Sirocko et al.1 recently have presented the stratigraphy for those records – the ELSA-20 time series of Corg(chlorins)1, reproduced in Figs. 4, 5, 6, 7. The samples used for this study are from the same cores, have a thickness of 10 cm, were freeze dried, gently homogenized and subsampled for pollen/spores, alkanes, and lithium isotope analysis. This collection of 1000 samples is presented with this paper as the ELSA-20-Stack. Supplementary Table S1 documents the details about the samples; their exact positions in the cores are also documented in Supplementary Figs. S1–S5.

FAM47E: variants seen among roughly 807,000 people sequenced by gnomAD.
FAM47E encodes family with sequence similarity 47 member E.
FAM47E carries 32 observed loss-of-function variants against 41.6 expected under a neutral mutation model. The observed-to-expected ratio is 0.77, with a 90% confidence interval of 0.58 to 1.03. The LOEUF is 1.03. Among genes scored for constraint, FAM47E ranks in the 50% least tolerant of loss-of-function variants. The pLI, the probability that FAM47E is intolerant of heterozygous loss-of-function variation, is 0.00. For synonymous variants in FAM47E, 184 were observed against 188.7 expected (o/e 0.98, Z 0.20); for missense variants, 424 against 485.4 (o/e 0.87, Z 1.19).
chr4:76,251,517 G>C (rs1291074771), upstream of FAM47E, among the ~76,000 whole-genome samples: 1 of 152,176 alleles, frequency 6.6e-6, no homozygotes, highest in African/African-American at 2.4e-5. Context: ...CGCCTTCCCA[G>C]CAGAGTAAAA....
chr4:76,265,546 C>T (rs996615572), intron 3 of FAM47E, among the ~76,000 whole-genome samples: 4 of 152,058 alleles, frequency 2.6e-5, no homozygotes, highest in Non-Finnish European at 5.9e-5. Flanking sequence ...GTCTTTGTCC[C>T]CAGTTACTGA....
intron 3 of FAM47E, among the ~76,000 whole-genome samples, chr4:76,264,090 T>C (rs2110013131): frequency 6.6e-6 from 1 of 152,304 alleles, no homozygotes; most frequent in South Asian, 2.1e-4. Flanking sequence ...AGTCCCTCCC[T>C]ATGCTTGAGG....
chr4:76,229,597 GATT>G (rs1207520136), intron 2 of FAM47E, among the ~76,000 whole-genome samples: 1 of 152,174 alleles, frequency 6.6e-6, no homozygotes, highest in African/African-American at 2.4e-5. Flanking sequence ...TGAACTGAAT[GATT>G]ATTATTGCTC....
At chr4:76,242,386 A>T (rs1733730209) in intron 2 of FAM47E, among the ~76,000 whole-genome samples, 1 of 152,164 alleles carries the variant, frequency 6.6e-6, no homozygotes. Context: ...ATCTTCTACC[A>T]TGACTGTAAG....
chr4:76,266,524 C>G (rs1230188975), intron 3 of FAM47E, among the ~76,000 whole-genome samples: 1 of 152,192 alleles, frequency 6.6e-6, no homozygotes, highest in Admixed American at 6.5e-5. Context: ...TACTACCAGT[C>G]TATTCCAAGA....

The ELSA-20-Stack also includes the Holocene, which was analyzed in core HM4 from Holzmaar, 30 km distant to Auel. Holzmaar is smaller than Auel, with a diameter of 325 m, but has also a catchment of 6 km length (Fig. 1d). The samples used for this study are from the same cores, and were subsampled for the analysis of pollen/spores, leaf waxes (n-alkanes), and lithium isotopes. Supplementary Table S1 documents sample details, with their position in the cores documented in Supplementary Figs. S1–S5.